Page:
And the film kicks straight into that plot as soon as the credits end. Any explanations concerning motivations and background come later. We meet Sonny as he’s sticking a gun in peoples’ faces, and yet he’s still a sympathetic character. Thanks to Pacino’s wonderfully conflicted performance, you can tell right from the start that Sonny doesn’t want to do this, and doesn’t want anyone to get hurt. It helps that things begin going wrong almost immediately, and the misfortune only snowballs from there. Lumet’s crime films often tackle such themes of escalating ineptitude, and he was doing it before the Coen brothers made it cool.
Pacino is all wired intensity and ragged desperation, and he gets even more jittery as the film progresses. But what’s great about Sonny is that he’s also keenly intelligent and massively charismatic, and he knows how to work events to his favor. There’s a reason he’s able to hold off hundreds of police officers for twelve hours. He gets the bank staff on his side, he gets the massing crowds on his side, and finally, he gets us on his side. He’s doing a stupid, dangerous thing, but we completely understand and empathize with him.
Dog Day Afternoon is an inchoate, anti-establishment howl of rage. It doesn’t have any idea where to place all the blame for society’s ills, but it will keep lashing out regardless. Sonny’s cry of “Attica! Attica!” is the film itself in brief. He speaks out for an entire populace that has been screwed over by its government, subjected to an ugly, protracted war, economic turmoil, racial injustice, and worse (hey, does this sound familiar?). They can’t do anything about it but scream, and scream they shall.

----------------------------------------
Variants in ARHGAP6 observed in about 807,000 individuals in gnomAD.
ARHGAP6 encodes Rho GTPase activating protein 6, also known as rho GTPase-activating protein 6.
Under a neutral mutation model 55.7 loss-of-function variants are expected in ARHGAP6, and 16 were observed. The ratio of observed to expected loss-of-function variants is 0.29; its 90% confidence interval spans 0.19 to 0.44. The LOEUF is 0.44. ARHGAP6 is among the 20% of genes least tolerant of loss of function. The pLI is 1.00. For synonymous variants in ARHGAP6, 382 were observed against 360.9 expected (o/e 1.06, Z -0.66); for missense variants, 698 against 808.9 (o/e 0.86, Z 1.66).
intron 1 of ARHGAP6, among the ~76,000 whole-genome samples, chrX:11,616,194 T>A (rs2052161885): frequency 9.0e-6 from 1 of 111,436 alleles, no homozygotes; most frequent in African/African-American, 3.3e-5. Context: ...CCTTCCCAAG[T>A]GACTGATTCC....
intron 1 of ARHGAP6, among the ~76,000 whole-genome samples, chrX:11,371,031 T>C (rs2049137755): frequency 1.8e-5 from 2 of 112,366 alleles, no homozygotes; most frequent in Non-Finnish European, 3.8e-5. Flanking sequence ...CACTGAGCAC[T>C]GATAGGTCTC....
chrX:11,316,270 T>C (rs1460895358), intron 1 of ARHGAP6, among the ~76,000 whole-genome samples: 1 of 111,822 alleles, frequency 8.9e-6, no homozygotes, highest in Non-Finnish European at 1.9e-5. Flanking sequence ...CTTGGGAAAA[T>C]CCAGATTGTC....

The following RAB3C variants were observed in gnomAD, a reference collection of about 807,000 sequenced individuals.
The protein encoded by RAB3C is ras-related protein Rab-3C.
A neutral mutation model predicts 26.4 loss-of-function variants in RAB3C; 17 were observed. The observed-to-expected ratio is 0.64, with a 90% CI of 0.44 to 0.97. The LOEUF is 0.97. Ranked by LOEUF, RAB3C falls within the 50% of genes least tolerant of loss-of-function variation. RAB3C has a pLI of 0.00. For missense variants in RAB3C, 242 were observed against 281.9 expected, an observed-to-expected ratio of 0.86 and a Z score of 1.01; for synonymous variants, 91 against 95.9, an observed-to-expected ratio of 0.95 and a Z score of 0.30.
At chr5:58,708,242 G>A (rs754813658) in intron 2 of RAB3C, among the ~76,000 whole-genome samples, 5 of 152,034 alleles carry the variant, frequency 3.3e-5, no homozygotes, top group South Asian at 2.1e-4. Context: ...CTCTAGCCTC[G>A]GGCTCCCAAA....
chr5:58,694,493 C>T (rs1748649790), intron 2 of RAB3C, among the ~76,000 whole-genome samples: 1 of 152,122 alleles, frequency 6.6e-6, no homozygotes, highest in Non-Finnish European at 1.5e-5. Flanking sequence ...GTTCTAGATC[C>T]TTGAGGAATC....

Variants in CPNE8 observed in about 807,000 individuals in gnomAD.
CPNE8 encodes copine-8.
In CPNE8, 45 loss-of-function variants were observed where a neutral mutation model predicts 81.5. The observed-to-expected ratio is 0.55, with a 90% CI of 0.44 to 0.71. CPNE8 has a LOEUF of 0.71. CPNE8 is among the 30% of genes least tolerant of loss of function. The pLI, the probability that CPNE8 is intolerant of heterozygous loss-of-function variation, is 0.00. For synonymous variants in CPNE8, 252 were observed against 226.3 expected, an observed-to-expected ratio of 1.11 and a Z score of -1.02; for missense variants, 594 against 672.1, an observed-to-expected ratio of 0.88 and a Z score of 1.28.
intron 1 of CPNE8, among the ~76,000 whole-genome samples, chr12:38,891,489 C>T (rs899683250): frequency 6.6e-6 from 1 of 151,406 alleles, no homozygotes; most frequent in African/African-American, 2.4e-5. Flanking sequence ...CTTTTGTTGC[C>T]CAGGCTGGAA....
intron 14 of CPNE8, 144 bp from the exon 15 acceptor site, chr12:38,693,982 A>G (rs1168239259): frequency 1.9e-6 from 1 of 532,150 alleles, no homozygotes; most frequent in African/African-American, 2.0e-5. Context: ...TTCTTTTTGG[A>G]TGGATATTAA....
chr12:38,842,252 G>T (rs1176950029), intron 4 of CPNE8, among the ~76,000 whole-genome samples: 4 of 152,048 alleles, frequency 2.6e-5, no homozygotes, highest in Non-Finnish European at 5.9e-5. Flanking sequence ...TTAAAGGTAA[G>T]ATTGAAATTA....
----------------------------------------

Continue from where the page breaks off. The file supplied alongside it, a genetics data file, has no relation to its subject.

I’d be remiss if I didn’t mention the other actors, even if this is Pacino’s show. John Cazale, Pacino’s screen brother in the Godfather series, plays Sonny’s accomplice, Sal. Sal is a complete wild card, and he adds to the unpredictability of every scene he’s in. He isn’t crazy or a loose cannon, he’s just extremely nervous, and is relying entirely on Sonny to do the thinking in this mess. Every time the two are separated, you fear what stupidity Sal might commit, and whether that will ruin everything. Charles Durning does a great job as the negotiator, Eugene Moretti. He’s measured and diplomatic, and he’s trying hard to contain the situation. There are no bad guys in this film, besides The Man, and Durning exemplifies that.
For a film that takes place in mostly one location, it has a relentless verve and pace. What’s great is that it keeps up the energy even as it makes us feel the characters’ fatigue as the siege on the bank draws out for more and more hours. Constant new developments ensure that the plot never grows dull, as each unexpected curveball shifts the balance of power between Sonny and the police. You feel that literally anything could happen at any moment, and the movie has exhilarating tension built into it as a result. Even the most minor event might spell Sonny’s doom, and that keeps the audience on constant edge.
If you haven’t seen Dog Day Afternoon, do yourself a favor and fix that posthaste. If you want to understand a little bit of the 70’s or 70’s film, then it’s invaluable. If you just want a perfectly-made movie, then it’s essential.